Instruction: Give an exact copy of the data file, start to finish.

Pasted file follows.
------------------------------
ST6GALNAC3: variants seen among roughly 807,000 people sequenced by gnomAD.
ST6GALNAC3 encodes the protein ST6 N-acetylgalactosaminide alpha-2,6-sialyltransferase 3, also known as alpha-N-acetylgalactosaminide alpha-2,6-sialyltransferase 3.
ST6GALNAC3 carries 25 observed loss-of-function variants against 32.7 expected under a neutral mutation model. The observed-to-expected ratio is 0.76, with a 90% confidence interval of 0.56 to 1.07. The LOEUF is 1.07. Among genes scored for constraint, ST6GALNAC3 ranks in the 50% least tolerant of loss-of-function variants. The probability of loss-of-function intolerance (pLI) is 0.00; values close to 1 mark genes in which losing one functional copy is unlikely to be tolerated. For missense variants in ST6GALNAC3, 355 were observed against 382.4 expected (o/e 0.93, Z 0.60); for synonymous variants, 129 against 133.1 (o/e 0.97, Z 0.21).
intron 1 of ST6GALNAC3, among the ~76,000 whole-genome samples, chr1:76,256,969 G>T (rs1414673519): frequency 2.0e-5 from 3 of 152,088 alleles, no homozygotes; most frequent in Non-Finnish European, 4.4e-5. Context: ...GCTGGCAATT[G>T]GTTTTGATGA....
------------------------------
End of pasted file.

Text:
ST6GALNAC3: variants seen among roughly 807,000 people sequenced by gnomAD.
ST6GALNAC3 encodes the protein ST6 N-acetylgalactosaminide alpha-2,6-sialyltransferase 3, also known as alpha-N-acetylgalactosaminide alpha-2,6-sialyltransferase 3.
ST6GALNAC3 carries 25 observed loss-of-function variants against 32.7 expected under a neutral mutation model. The observed-to-expected ratio is 0.76, with a 90% confidence interval of 0.56 to 1.07. The LOEUF is 1.07. Among genes scored for constraint, ST6GALNAC3 ranks in the 50% least tolerant of loss-of-function variants. The probability of loss-of-function intolerance (pLI) is 0.00; values close to 1 mark genes in which losing one functional copy is unlikely to be tolerated. For missense variants in ST6GALNAC3, 355 were observed against 382.4 expected (o/e 0.93, Z 0.60); for synonymous variants, 129 against 133.1 (o/e 0.97, Z 0.21).
intron 1 of ST6GALNAC3, among the ~76,000 whole-genome samples, chr1:76,256,969 G>T (rs1414673519): frequency 2.0e-5 from 3 of 152,088 alleles, no homozygotes; most frequent in Non-Finnish European, 4.4e-5. Context: ...GCTGGCAATT[G>T]GTTTTGATGA....